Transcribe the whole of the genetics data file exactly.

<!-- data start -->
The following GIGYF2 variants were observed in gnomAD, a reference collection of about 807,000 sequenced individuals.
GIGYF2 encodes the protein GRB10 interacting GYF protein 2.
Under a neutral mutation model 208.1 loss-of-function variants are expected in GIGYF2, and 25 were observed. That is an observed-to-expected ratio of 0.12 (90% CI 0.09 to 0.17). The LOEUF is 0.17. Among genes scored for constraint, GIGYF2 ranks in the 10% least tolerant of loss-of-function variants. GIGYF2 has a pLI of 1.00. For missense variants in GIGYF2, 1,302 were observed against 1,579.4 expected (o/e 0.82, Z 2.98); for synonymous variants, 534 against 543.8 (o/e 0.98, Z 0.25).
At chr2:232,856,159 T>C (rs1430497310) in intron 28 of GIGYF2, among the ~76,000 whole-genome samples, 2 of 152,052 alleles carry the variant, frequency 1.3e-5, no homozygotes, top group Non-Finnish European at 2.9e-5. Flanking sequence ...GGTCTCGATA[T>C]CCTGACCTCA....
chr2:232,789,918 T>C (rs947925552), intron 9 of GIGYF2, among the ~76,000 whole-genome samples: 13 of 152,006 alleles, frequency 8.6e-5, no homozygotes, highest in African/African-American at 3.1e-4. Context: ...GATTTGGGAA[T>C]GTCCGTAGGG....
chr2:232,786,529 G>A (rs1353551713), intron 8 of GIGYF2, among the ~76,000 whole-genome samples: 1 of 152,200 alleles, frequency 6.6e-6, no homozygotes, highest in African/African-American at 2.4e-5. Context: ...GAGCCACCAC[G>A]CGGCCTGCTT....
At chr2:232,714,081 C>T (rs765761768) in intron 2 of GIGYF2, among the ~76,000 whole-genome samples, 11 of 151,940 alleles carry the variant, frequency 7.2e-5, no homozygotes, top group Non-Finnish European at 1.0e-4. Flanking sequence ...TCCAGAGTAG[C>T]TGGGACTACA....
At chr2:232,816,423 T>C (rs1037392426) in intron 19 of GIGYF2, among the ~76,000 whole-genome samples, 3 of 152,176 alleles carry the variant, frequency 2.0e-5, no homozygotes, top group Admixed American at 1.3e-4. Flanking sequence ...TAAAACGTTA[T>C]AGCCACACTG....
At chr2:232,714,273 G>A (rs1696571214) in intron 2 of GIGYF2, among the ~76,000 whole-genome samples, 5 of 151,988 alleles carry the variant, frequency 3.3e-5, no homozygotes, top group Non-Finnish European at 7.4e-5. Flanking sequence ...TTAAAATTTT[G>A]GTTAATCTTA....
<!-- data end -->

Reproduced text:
The following GIGYF2 variants were observed in gnomAD, a reference collection of about 807,000 sequenced individuals.
GIGYF2 encodes the protein GRB10 interacting GYF protein 2.
Under a neutral mutation model 208.1 loss-of-function variants are expected in GIGYF2, and 25 were observed. That is an observed-to-expected ratio of 0.12 (90% CI 0.09 to 0.17). The LOEUF is 0.17. Among genes scored for constraint, GIGYF2 ranks in the 10% least tolerant of loss-of-function variants. GIGYF2 has a pLI of 1.00. For missense variants in GIGYF2, 1,302 were observed against 1,579.4 expected (o/e 0.82, Z 2.98); for synonymous variants, 534 against 543.8 (o/e 0.98, Z 0.25).
At chr2:232,856,159 T>C (rs1430497310) in intron 28 of GIGYF2, among the ~76,000 whole-genome samples, 2 of 152,052 alleles carry the variant, frequency 1.3e-5, no homozygotes, top group Non-Finnish European at 2.9e-5. Flanking sequence ...GGTCTCGATA[T>C]CCTGACCTCA....
chr2:232,789,918 T>C (rs947925552), intron 9 of GIGYF2, among the ~76,000 whole-genome samples: 13 of 152,006 alleles, frequency 8.6e-5, no homozygotes, highest in African/African-American at 3.1e-4. Context: ...GATTTGGGAA[T>C]GTCCGTAGGG....
chr2:232,786,529 G>A (rs1353551713), intron 8 of GIGYF2, among the ~76,000 whole-genome samples: 1 of 152,200 alleles, frequency 6.6e-6, no homozygotes, highest in African/African-American at 2.4e-5. Context: ...GAGCCACCAC[G>A]CGGCCTGCTT....
At chr2:232,714,081 C>T (rs765761768) in intron 2 of GIGYF2, among the ~76,000 whole-genome samples, 11 of 151,940 alleles carry the variant, frequency 7.2e-5, no homozygotes, top group Non-Finnish European at 1.0e-4. Flanking sequence ...TCCAGAGTAG[C>T]TGGGACTACA....
At chr2:232,816,423 T>C (rs1037392426) in intron 19 of GIGYF2, among the ~76,000 whole-genome samples, 3 of 152,176 alleles carry the variant, frequency 2.0e-5, no homozygotes, top group Admixed American at 1.3e-4. Flanking sequence ...TAAAACGTTA[T>C]AGCCACACTG....
At chr2:232,714,273 G>A (rs1696571214) in intron 2 of GIGYF2, among the ~76,000 whole-genome samples, 5 of 151,988 alleles carry the variant, frequency 3.3e-5, no homozygotes, top group Non-Finnish European at 7.4e-5. Flanking sequence ...TTAAAATTTT[G>A]GTTAATCTTA....